Sunday's document also commits the government to reverse a recent cut in Ireland's minimum wage, to hold a referendum on abolishing the upper house of parliament as a cost-saving measure, and to create a British-style system of national health insurance by 2016.
Despite coming from broadly different bases, Fine Gael and Labour have governed Ireland together in six governments since 1948. Their most recent coalition, in 1995-97, was the most harmonious one.
Fine Gael is pro-business and pro-EU with strong ties to the middle class and farmers. Labour defends union interests, largely represents urban, working-class voters, and can be far more critical of the EU, particularly on economic matters.
Kenny said he hoped to re-negotiate the average 5.8 percent interest rate on the EU-IMF loan package. That rate is far lower than what Ireland would pay on bond markets, but is still 3 percentage points higher than the lenders' own average costs.
German Chancellor Angela Merkel insists Ireland should benefit from a lower rate only if it agrees to tougher measures for getting its deficit under control.
Germany and fellow EU heavyweight France long have pressed Ireland to raise its 12.5 percent rate of tax on businesses, a policy that has wooed about 1,000 foreign multinationals to Ireland rather than the European continent.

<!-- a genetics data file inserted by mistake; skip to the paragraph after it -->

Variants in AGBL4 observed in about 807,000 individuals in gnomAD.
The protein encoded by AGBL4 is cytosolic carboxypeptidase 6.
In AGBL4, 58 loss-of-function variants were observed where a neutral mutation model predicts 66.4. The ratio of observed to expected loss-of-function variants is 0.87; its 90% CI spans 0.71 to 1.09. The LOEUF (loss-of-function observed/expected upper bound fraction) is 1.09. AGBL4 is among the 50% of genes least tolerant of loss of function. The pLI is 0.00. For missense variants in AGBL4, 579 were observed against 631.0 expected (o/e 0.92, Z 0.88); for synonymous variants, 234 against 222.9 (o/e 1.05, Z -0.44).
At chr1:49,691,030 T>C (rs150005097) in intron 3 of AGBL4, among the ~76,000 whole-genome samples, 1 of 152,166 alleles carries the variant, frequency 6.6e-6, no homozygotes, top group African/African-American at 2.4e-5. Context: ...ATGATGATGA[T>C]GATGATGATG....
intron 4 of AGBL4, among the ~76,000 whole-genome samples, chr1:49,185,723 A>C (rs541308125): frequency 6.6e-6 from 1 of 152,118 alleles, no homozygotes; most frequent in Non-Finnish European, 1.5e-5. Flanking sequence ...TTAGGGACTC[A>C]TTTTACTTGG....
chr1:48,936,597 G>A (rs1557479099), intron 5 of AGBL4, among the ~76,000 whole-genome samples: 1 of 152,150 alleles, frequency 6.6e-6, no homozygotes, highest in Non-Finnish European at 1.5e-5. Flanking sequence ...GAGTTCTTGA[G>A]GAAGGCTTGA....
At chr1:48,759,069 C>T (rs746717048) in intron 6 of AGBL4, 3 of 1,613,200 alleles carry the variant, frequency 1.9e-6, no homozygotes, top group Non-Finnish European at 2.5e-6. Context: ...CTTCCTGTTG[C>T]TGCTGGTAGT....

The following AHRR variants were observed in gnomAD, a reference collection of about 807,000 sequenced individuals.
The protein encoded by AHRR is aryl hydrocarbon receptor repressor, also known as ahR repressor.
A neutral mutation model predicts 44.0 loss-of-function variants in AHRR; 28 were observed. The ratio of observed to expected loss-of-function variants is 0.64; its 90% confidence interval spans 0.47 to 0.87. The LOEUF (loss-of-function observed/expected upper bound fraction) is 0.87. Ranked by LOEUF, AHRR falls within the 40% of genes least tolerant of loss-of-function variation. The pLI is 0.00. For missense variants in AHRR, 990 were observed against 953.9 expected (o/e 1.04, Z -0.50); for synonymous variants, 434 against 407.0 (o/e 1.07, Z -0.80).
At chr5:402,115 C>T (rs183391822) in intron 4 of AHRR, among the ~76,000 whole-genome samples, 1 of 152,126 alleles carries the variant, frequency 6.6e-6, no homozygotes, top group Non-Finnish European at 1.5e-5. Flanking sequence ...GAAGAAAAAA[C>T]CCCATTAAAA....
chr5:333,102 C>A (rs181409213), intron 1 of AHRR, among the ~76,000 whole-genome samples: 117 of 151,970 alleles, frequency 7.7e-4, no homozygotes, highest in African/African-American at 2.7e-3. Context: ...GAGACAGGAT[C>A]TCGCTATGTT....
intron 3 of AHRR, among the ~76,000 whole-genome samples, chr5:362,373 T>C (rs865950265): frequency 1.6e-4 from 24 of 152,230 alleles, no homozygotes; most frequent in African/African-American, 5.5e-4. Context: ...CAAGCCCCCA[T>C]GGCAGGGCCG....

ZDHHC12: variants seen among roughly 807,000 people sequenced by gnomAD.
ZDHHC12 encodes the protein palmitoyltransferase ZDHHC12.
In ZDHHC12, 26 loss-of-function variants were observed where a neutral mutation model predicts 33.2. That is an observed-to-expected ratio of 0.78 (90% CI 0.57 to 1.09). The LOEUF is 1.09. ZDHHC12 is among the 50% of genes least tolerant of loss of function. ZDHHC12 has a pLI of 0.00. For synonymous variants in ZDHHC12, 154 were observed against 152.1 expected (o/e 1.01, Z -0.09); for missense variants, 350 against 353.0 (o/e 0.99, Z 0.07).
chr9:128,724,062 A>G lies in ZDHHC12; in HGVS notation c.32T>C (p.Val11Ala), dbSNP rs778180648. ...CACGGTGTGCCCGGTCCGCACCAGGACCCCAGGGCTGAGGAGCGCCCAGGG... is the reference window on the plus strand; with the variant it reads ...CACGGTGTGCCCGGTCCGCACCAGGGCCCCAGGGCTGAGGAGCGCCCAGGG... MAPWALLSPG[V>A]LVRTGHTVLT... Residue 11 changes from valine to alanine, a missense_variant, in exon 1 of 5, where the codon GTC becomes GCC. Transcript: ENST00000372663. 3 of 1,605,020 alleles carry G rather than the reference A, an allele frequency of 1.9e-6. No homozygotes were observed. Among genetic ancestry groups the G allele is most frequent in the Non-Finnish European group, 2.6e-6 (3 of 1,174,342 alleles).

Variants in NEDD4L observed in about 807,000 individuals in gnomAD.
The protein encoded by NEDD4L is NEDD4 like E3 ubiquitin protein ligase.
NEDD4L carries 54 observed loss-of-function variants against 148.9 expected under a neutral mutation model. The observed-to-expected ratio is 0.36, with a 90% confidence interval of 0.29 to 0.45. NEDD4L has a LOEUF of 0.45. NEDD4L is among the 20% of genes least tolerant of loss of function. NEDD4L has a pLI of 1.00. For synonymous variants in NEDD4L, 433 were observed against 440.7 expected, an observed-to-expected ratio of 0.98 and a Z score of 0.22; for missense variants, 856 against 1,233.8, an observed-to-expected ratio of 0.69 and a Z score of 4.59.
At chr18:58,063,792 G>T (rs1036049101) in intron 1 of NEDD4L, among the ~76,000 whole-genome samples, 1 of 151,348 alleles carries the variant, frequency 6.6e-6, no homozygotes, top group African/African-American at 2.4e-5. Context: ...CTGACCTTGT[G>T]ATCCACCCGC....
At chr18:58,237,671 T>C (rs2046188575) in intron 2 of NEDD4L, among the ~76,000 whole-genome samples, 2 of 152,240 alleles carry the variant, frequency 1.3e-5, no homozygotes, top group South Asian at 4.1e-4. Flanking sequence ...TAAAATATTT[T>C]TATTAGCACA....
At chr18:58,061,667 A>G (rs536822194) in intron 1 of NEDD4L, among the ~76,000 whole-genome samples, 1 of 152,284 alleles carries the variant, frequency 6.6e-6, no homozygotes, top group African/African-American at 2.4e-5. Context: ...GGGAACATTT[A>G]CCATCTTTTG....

Sunday's government document, however, reaffirmed that Ireland won't raise its business tax to European norms approaching 30 percent.
Kenny said Ireland is already burdened with 13.5 percent unemployment, the second-highest rate of unemployment in the eurozone behind Spain, and must do nothing to discourage employers from staying in Ireland.
Ireland was long the runaway growth leader in the eurozone, but the Celtic Tiger boom died in 2008 because of a property crash that followed 14 years of surging prices and risky speculation.
Ireland's banks over the previous decade borrowed hundreds of billions at exceptionally low rates of interest, thanks to Ireland's eurozone membership, and funneled most of it to Irish construction and property kingpins. Most of their property assets in the past year have been seized at knockdown prices by a new state-run "bad bank" charged with extracting toxic debts from five Irish banks exceeding euro70 billion ($100 billion).
Both Kenny and Gilmore campaigned on pledges to force foreign bondholders to bear more of the cost of Irish bank losses. The current government of Prime Minister Brian Cowen has been widely criticized for unveiling a 2008 state guarantee for all bank bondholders and still defends the policy, arguing that Ireland needed to retain confidence from foreign lenders.
The 2008 insurance policy was designed to prevent the banks' collapse by discouraging the rapid withdrawal of foreign loans and deposits. But Ireland ended up nationalizing most of the debt-crippled banks anyway, leaving taxpayers with a bill estimated at more than euro50 billion ($70 billion) _ equivalent to euro11,000 ($15,500) for every man, woman and child in Ireland.
Program for government, http://bit.ly/fbH6DH
Fine Gael, http://www.finegael2011.com/index.asp